Accessible to all members of the public

·                     Company filed documents

·                     Company websites

Freely available on the website.

Explicit Information Ownership and Other Rights of Access to Information

We recommend that departments and functions within our business explicitly designate information owners.

Other users may have rights of access to data according to the terms of engagement under which the data was gained or created.

Granularity of Classification

The sets of information being classified should, in general, be large rather than small. Smaller units require more administrative effort, involve more decisions and add to complexity, thus decreasing the overall security.

 Information Retention

There may be minimum or maximum timescales for which information has to be kept. These may be mandated in a commercial contract. Other forms of information retention may be covered by environmental or financial regulations.


All ‘Users’ must obtain authorisation from their line manager before their classification request is submitted to Senior Managers. Nerd FS is responsible for assessing information and classifying its sensitivity.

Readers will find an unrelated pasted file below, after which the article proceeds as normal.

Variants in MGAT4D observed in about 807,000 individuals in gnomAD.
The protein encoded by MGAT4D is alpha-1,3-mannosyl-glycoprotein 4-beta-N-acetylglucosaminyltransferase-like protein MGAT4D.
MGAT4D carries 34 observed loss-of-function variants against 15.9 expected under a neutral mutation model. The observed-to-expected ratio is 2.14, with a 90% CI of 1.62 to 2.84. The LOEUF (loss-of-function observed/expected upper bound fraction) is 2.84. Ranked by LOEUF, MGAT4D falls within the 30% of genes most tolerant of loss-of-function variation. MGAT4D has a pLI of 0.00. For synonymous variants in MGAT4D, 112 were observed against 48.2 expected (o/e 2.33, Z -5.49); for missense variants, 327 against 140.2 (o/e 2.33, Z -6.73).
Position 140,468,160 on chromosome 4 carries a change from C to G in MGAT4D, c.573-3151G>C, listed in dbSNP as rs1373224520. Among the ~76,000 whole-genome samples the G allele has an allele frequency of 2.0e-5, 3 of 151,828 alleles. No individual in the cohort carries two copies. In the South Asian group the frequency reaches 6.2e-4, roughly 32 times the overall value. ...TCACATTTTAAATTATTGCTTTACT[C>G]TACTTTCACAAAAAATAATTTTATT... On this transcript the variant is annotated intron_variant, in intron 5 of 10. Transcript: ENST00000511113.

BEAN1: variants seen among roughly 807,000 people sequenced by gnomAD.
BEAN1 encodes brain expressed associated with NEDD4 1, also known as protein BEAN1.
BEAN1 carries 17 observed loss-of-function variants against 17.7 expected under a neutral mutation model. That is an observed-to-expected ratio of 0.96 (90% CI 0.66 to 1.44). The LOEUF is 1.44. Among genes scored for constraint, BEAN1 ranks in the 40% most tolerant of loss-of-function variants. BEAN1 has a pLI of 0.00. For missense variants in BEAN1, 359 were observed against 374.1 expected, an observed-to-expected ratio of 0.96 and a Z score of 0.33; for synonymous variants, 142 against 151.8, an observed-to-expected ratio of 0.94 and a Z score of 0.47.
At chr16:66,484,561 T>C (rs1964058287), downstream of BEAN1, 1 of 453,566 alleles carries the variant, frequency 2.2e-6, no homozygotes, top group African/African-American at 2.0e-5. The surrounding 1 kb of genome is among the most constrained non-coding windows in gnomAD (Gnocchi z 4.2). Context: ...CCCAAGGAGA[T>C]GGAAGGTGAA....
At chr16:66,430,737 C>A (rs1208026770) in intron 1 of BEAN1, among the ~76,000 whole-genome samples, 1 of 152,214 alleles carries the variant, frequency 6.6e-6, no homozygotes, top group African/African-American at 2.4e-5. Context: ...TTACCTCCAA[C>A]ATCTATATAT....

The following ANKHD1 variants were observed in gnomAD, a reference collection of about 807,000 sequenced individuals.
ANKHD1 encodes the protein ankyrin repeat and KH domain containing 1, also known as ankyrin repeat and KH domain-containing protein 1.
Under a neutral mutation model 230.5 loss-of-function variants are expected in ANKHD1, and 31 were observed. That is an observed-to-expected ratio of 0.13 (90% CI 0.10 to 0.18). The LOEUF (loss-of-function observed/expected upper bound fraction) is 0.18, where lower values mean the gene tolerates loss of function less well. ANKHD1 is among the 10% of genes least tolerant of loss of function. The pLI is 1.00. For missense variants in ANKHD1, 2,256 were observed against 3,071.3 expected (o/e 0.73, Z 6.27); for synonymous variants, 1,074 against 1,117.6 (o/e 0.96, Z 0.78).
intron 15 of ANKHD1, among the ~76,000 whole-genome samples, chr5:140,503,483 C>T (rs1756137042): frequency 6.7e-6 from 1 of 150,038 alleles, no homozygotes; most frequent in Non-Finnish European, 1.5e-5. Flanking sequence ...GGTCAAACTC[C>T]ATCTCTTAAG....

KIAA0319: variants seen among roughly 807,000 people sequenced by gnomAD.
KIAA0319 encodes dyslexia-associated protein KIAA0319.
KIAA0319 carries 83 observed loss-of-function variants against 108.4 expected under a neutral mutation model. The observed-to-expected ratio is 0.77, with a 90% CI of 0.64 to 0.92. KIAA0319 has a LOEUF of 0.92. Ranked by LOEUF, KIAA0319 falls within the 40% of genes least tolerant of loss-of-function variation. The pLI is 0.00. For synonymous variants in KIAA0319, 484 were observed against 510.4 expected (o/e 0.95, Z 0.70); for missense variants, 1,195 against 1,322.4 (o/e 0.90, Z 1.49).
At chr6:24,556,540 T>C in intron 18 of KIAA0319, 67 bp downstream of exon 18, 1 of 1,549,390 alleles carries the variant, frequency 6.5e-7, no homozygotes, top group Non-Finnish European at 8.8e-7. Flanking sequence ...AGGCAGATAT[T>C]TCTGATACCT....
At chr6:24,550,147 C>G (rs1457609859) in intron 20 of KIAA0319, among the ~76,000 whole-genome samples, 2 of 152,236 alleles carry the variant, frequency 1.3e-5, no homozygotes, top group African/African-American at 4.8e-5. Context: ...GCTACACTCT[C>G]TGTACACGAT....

A violation of our Information Security Policy and supporting policy documents will be investigated and consequentially may result in disciplinary action which could include the termination of employment contract for employees, the termination of contractual relations in the case of third parties, contractors or consultants.

A violation of this policy and misuse of the systems and applications within our firm may also be a breach of the Computer Misuse Act 1990; consequentially the company may at its discretion take legal action against an individual or organisation that is found to be in breach of its policies.

How we may use customer data

 We may as a result of a consumer or a third parties’ interaction with our website/s obtain their personal data and process their information on our computers and in any other way.

By “third parties” we mean any lender, broker or affiliate who interacts with us in enabling a consumer to make a loan application.

We will use the information to manage their account(s), give them statements and provide our services, for research, assessment and analysis (including credit and/or behaviour scoring, market and product analysis) and to develop and improve our services to the consumer and other consumers and protect our interests.

We, and other carefully selected third parties, will use their information to inform them by post, fax, telephone or other electronic means, about other products and services (including those of others) which we believe may be of interest to them.

If they contact us, we may keep a record of that correspondence.

We will keep details of transactions they carry out through our site and of the fulfilment of their applications and their loan history.